My friend Mariann has been an avid promoter and attendee of Toronto’s HotDocs festival, lo these many years. So it was no surprise when she called to recruit me to be part of her entourage while attending said festival. I had, in fact, discussed one of this year’s selections with colleagues at my new place of employment (well, perhaps not so new any longer: I’ve been there about six months now; but more on that another time), and was keen to attend a screening of The Internet’s Own Boy: Aaron Swartz. But not just any screening: one of the several screenings was to feature a panel discussion with Cory Doctorow, Lawrence Lessig, Gabriella Coleman and the director, Brian Knappenberger.
A few weeks ago I heard that the Canadian Air and Space Museum was embattled, under attack from its landlord, Parc Downsview Park.
David Soknacki, Chair of the Downsview Park Board of Directors has pulled every dirty trick in the book to evict the museum from its current home, the former de Havilland plant, where Tiger Moths and other gems of aviation history were first designed and built. Among his underhanded shenanigans, Soknacki has refused to recognize the historical and heritage significance of the building. Continue reading
Saving the web, like saving the world, isn’t something you do once and then forget about it. You always have to be on the lookout for threats to our freedom of communication. Sometimes, those threats creep in through the backdoor. Continue reading
This year I participated in One Web Day. OWD promotes Web issues to the public. It celebrates that every participant to the web is also a contributor.
As part of Tucows’ support and involvement, we collected over 10GB of public domain and Creative Commons ebooks. These will be loaded onto computers we donated to the Little Geeks Foundation, and sent to Northern communities.
Andy Walker, who started Little Geeks, and happens to be my boss, tells us these communities are rife with social problems, resulting in high rates of teen suicide. The last time books were sent there, the suicide rate dropped by 50%. So I’m hoping our efforts here will have a real, positive and lasting effect on these peoples’ lives.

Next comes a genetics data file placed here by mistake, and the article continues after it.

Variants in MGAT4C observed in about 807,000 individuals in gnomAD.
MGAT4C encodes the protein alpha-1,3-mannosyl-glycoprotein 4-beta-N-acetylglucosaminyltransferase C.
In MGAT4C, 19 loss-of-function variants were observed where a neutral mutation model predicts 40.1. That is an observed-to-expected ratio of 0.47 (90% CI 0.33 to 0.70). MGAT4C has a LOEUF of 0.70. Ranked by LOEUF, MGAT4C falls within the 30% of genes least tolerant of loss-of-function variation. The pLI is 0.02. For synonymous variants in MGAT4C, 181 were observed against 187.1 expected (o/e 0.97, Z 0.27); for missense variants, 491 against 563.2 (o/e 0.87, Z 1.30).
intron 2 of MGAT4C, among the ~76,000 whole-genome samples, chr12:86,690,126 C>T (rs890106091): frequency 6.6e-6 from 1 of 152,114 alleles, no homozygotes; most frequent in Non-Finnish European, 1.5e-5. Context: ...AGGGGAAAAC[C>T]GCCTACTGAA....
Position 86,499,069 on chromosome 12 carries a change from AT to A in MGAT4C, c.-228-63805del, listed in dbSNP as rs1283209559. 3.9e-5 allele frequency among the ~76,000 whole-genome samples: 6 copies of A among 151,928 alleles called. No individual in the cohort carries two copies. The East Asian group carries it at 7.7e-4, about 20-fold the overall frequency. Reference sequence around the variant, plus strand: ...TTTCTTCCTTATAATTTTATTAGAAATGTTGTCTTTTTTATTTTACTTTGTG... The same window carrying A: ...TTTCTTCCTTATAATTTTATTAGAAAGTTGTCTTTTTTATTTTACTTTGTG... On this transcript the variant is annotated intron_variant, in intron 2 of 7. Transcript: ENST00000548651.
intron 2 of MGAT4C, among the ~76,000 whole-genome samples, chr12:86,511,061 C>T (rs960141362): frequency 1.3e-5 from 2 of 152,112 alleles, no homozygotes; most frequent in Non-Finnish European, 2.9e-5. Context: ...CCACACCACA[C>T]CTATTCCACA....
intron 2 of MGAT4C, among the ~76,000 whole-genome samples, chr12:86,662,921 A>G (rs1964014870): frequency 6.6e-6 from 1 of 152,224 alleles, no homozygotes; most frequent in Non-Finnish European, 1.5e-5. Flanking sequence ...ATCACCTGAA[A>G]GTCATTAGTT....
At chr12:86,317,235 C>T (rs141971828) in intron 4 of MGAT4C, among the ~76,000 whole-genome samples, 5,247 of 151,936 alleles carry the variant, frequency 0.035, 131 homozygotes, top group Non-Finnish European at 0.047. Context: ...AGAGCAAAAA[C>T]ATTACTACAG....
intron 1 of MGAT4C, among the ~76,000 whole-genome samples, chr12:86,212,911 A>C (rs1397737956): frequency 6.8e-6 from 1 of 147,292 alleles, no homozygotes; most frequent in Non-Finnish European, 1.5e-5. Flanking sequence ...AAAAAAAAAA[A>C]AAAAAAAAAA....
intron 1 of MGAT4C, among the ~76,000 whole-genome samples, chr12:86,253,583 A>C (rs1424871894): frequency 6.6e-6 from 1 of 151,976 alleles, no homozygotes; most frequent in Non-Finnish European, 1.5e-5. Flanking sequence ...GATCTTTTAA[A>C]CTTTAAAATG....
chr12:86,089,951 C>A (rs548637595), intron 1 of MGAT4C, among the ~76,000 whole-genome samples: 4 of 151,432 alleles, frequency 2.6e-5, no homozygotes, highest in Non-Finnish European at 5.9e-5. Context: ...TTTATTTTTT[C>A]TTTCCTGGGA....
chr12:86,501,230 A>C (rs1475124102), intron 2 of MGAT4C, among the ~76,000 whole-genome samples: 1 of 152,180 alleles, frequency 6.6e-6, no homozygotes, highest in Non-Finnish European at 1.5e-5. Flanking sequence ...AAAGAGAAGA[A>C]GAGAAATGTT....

Mozilla also supported One Web Day 2009. In fact, it capped off their Web Service Week; which is like seven days of One Web Day.
They had these cool OWD posters you could print, have your picture taken with, and uploaded it to flickr.
Finally, we had a terrific soiree at Cafe Taste, around the corner from Tucows HQ, sponsored by Tucows, Mozilla and WikiDomo.
If you missed One Web Day, don’t fret: it’s an annual thing. This was the 3rd, and only my first. Keep an eye on the OWD site. I expect I’ll also say something about it here, before the 2010 event. Until then, be good to our web: create some content.
Wherein our hero (yeah, that’s me) finds his father was right (again). Has his picture taken with pr0n stars. (OK, not really.) And proves, once again (as if it really needed to be proved again) that he is an altakaker. Continue reading
Congratulations to Ross Rader and his team! Together they beat the cross-Ontario cycling record by 45 minutes.
Check out the cycling blog at http://ultrarider.ca/.
It’s also not too late to sponsor them and help children with cancer. Donate to the Coast to Coast Cancer Foundation.
While I’ll be lapping up the WordPress goodness at WordCamp this Friday, Ross Rader, avid cyclo-fanatic and director of Tucows‘ Hover division, will be hard at work on trashing the cross-Ontario cycling record. He’s doing this to raise awareness, and funds, for the Coast to Coast Against Cancer Foundation.
Ross will be cycling 874km, trying to beat the 1987 record set by Ron Dossenbach of Windsor, Ontario, of 35 hours and 39 minutes. He figures he’ll have to maintain an average speed of 27km/hr.
You can find Ross at his blog: http://ultrarider.ca/.
You can sponsor Ross and help a child with cancer lead a better life at: https://secure.e2rm.com/registrant/donate.aspx?EventID=28290&LangPref=en-CA.
Thanks for your support, and all the best to Ross and his team!